“The [InsideOut] program not only opened them up creatively, giving them the freedom and permission to be ‘weird,’ but I also think our time together relaxed them a bit. I saw improvement in the way they treated each other.”
Kyle Hunt is a poet and visual artist who has worked with elementary school students in Detroit as a CIVITAS Fellow at the University of Michigan, and now as a Writer-in-Residence.
Kyle describes how he gets students comfortable trying new things and being creative in an academic environment:
“One of the most important goals is to teach kids how to power through when they hit that creative wall by trusting me and, in turn, themselves. Those moments of ‘I don’t know what to write’ or ‘I’m not good at this’ are incredibly important, especially if there’s genuine frustration behind their words… Many of them were very creative during discussion, and not shy at all, but once we would start writing that fear of not doing it ‘right’ or of doing a ‘bad’ job would start to crush them. I think our talks about the importance and joy of breaking down that wall really worked for them. There were a lot of students who began to come out of their shells, creatively speaking.”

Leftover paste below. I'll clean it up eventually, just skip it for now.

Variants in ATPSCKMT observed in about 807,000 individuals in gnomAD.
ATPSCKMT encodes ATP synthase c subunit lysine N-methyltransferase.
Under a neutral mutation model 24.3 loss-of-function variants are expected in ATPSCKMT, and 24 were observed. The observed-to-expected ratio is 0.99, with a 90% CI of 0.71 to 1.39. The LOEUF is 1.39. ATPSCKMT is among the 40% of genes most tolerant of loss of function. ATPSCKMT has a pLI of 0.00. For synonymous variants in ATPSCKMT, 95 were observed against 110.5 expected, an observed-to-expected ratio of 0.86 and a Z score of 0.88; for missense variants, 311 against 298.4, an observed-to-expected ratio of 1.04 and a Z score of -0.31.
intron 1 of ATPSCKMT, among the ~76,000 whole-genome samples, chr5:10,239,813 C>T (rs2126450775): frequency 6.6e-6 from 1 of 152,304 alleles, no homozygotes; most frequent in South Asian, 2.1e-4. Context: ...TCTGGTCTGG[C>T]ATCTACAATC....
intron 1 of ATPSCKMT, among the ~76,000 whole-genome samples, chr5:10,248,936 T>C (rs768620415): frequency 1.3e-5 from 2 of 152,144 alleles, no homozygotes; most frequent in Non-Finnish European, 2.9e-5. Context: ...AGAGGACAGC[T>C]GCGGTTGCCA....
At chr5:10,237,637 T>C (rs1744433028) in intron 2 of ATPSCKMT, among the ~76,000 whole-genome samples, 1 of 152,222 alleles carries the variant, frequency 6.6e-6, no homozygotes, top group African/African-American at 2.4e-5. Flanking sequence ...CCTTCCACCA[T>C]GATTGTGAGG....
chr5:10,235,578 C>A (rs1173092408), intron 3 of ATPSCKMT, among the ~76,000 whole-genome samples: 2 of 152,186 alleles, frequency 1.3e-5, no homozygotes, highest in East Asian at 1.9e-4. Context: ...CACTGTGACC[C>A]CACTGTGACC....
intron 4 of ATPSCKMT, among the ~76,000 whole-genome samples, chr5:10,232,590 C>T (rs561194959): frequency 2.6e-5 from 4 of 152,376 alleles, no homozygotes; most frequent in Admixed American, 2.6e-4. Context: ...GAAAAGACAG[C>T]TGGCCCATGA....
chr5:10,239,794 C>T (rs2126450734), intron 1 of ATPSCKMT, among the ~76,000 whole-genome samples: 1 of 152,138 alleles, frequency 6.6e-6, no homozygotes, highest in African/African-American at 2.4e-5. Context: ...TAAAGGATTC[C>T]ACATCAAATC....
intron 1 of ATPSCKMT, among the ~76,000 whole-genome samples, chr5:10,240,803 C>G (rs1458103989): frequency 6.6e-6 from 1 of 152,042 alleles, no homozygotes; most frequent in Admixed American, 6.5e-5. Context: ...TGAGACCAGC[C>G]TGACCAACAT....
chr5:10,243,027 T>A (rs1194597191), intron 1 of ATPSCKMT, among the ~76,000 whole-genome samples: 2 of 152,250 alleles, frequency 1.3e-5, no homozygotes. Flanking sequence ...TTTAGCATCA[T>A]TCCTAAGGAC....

Kyle recounts a particularly special interaction between with a student during his residency. He remembers,
“One student in particular (Summer) really shined. I knew early on she was super creative and talented, but the prompts we did seemed to push her to another level. There was noticeable improvement in her confidence over the weeks. When she came up to read her poem at the year-end celebration, I showed her the one we had picked out, asking if it was one she would be willing to read, to which she replied: ‘I like all of my poems.’”
Kyle reflected that the Writer-in-Residence Program shifted the classroom environment in positive ways:
“It not only opened them up creatively, giving them the freedom and permission to be ‘weird,’ but I also think our time together relaxed them a bit. I saw improvement in the way they treated each other…Once a student wanted to read her poem, but then decided she was scared once she started, so another student went to her and held her hand. It was the cutest thing I’ve ever seen.”